Transitions

527The middle school years are years of great transition. Leaving elementary school behind and preparing for high school can be a time of whiplash and uncertainty. Facing it alone can be daunting; at Diegueño Middle School students have company and support.

Parents and students can both be surprised by the maelstrom of emotions that comes in the middle school years. New opportunities, new behaviors, new challenges, and new rewards all swirl around 7th and 8th grade students, and helping ground our kids in good decision making and a sense of school community is a big part of what we do.

Teachers lead the way by showing their students respect, holding them to high expectations, and helping support them as they meet (and exceed) those expectations. I see this in classrooms every day as students roll up their sleeves and work together on projects, their teachers circulating the room answering questions, helping focus learning, and supporting kids. I love that our classrooms are rigorous learning environments often punctuated with laughter.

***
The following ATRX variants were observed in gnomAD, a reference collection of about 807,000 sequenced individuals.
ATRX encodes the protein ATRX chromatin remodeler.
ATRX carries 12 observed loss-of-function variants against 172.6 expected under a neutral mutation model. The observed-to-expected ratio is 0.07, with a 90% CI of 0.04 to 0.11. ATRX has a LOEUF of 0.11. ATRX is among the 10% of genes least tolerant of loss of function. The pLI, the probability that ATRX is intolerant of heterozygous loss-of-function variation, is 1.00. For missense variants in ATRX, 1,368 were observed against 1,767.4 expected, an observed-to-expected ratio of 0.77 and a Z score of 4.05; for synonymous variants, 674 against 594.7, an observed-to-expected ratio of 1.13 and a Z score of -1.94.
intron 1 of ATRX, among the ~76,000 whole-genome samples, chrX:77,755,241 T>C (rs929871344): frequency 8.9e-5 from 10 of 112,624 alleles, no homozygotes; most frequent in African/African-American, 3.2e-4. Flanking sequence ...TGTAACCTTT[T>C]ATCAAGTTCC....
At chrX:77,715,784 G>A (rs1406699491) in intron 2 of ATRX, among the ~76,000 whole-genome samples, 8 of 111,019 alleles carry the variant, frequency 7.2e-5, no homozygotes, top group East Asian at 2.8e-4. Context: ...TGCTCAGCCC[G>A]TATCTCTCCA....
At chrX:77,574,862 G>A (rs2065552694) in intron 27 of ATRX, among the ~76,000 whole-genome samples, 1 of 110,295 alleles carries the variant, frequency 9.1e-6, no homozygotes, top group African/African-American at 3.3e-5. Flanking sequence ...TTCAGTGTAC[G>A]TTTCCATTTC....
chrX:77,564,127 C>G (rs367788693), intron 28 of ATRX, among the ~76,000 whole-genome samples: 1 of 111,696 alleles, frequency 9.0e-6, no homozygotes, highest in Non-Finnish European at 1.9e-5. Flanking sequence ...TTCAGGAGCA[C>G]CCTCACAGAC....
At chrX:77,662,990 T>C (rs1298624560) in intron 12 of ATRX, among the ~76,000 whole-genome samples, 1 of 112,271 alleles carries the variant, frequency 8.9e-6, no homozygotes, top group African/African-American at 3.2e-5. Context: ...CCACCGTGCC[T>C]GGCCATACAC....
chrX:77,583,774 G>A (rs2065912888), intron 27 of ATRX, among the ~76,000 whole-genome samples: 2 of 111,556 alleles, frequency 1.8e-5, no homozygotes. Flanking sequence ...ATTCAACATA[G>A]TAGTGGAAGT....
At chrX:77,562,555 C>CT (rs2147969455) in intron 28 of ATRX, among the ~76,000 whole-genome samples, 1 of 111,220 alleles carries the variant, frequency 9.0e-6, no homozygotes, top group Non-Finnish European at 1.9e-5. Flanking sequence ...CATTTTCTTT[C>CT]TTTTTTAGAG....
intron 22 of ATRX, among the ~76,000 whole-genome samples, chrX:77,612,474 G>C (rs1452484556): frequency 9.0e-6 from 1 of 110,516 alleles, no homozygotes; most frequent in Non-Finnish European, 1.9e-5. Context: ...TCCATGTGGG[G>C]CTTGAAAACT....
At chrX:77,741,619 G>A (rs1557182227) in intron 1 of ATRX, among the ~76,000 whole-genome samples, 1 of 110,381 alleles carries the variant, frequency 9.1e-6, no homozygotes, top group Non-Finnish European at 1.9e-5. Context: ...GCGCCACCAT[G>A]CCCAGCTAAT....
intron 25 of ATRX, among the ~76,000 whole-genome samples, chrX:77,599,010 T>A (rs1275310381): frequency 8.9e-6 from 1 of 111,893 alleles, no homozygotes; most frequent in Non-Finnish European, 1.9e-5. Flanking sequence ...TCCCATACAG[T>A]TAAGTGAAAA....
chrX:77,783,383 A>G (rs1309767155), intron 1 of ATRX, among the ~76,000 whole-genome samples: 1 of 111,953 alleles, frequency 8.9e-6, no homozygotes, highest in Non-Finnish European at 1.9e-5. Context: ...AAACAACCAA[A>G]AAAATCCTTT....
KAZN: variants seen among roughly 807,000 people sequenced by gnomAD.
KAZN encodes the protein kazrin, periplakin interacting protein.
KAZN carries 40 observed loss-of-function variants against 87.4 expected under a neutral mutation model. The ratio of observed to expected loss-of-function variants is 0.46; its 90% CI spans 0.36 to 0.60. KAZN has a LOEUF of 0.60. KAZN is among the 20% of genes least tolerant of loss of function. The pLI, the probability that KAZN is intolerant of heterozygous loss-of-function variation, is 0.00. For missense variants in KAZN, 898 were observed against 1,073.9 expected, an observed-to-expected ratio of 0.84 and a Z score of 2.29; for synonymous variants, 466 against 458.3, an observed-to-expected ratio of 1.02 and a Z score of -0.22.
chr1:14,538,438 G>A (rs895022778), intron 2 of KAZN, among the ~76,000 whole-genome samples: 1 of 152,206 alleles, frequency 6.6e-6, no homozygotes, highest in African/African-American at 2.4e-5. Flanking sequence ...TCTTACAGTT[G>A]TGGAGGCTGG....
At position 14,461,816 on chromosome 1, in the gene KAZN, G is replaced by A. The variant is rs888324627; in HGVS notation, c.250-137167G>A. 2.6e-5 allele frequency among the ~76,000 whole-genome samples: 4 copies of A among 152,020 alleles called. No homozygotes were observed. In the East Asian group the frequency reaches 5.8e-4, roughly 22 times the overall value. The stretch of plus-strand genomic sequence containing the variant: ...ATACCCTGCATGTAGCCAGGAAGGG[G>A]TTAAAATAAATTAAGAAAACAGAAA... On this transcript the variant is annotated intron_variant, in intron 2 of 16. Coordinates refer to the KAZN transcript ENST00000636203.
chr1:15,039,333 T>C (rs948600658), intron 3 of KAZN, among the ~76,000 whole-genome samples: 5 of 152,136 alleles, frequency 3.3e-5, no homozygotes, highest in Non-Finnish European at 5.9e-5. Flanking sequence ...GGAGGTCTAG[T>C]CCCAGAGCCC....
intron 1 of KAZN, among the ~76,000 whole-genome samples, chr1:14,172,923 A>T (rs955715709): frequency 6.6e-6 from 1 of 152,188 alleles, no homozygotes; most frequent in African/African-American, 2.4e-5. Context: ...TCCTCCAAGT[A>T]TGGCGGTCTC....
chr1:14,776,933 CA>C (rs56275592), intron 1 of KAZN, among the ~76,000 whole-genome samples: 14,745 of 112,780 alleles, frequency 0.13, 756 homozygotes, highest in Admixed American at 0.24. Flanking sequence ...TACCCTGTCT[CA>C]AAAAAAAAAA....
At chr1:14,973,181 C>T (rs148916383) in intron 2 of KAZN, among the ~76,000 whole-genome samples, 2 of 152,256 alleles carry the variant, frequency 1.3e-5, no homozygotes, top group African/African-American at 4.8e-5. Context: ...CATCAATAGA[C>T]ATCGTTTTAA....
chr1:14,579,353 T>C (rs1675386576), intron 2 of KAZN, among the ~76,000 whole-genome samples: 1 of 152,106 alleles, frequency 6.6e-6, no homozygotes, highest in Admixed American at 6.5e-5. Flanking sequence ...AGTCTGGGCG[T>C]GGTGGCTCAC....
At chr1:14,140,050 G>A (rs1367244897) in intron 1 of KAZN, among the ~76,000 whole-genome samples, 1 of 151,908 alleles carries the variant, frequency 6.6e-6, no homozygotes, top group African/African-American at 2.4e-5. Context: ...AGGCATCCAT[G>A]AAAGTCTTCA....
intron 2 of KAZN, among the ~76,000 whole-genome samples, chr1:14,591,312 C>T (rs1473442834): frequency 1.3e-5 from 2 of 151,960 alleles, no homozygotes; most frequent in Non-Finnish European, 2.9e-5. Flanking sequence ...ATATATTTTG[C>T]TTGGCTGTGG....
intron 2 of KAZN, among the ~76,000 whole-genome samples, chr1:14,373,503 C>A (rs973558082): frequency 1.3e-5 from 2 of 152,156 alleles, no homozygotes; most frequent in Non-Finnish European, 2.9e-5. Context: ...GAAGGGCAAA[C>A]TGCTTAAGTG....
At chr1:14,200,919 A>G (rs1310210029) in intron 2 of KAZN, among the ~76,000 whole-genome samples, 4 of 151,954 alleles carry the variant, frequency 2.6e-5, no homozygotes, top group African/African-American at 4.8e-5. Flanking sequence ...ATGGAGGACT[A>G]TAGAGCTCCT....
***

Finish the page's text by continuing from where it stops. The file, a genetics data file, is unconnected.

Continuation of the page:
Peers help each other by reinforcing positive behavior. Overwhelmingly students at Diegueño make good decisions and help others make the right choices. The typical Diegueño Cougar is quick with a smile, says thank you to adults, works hard in class, and demonstrates an understanding of right and wrong. This isn’t to say that everyone makes the perfect decision the first time; this is middle school after all, a time when students are still learning ropes of being good citizens.

Today, for instance, a student came to my office to admit reaching into a broken vending machine, it’s door off its hinges, and taking two bags of trail mix. “I knew it was the wrong thing to do,” he said, “and I don’t want to be a person who does stuff like that when I’m older.” He won’t be, of that I’m sure, and the poise and remorse he showed in my office today made me prouder of his confession than I was frustrated with his earlier choice.

The other adults on campus help kids with the transitions of middle school. Our counseling and office staff show students love and caring as they hold them to high standards. Our campus supervisor and plant manager help as they reinforce proper behavior at lunch and between classes. Even administrators, Corey and I, do our best to lend a hand as we get to know students and families and model what it is to be a part of a caring school community.